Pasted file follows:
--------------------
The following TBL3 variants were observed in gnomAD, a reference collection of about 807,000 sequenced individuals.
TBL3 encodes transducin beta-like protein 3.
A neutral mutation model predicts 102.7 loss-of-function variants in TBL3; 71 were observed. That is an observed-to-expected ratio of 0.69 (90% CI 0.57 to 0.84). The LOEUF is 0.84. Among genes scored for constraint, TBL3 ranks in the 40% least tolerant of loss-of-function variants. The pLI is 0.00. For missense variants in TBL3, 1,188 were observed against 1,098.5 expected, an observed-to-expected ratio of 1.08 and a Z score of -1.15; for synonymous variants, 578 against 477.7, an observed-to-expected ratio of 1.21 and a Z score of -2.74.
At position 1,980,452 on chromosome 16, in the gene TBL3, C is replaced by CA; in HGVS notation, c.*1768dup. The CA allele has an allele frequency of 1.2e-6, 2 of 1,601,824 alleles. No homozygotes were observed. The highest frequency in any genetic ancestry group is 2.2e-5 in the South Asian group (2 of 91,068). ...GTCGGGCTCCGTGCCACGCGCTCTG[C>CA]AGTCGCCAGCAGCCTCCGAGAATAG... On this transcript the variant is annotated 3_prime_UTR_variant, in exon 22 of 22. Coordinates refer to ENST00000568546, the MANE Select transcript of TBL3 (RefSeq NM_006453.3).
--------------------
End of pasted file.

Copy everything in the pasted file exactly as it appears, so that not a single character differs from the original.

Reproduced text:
The following TBL3 variants were observed in gnomAD, a reference collection of about 807,000 sequenced individuals.
TBL3 encodes transducin beta-like protein 3.
A neutral mutation model predicts 102.7 loss-of-function variants in TBL3; 71 were observed. That is an observed-to-expected ratio of 0.69 (90% CI 0.57 to 0.84). The LOEUF is 0.84. Among genes scored for constraint, TBL3 ranks in the 40% least tolerant of loss-of-function variants. The pLI is 0.00. For missense variants in TBL3, 1,188 were observed against 1,098.5 expected, an observed-to-expected ratio of 1.08 and a Z score of -1.15; for synonymous variants, 578 against 477.7, an observed-to-expected ratio of 1.21 and a Z score of -2.74.
At position 1,980,452 on chromosome 16, in the gene TBL3, C is replaced by CA; in HGVS notation, c.*1768dup. The CA allele has an allele frequency of 1.2e-6, 2 of 1,601,824 alleles. No homozygotes were observed. The highest frequency in any genetic ancestry group is 2.2e-5 in the South Asian group (2 of 91,068). ...GTCGGGCTCCGTGCCACGCGCTCTG[C>CA]AGTCGCCAGCAGCCTCCGAGAATAG... On this transcript the variant is annotated 3_prime_UTR_variant, in exon 22 of 22. Coordinates refer to ENST00000568546, the MANE Select transcript of TBL3 (RefSeq NM_006453.3).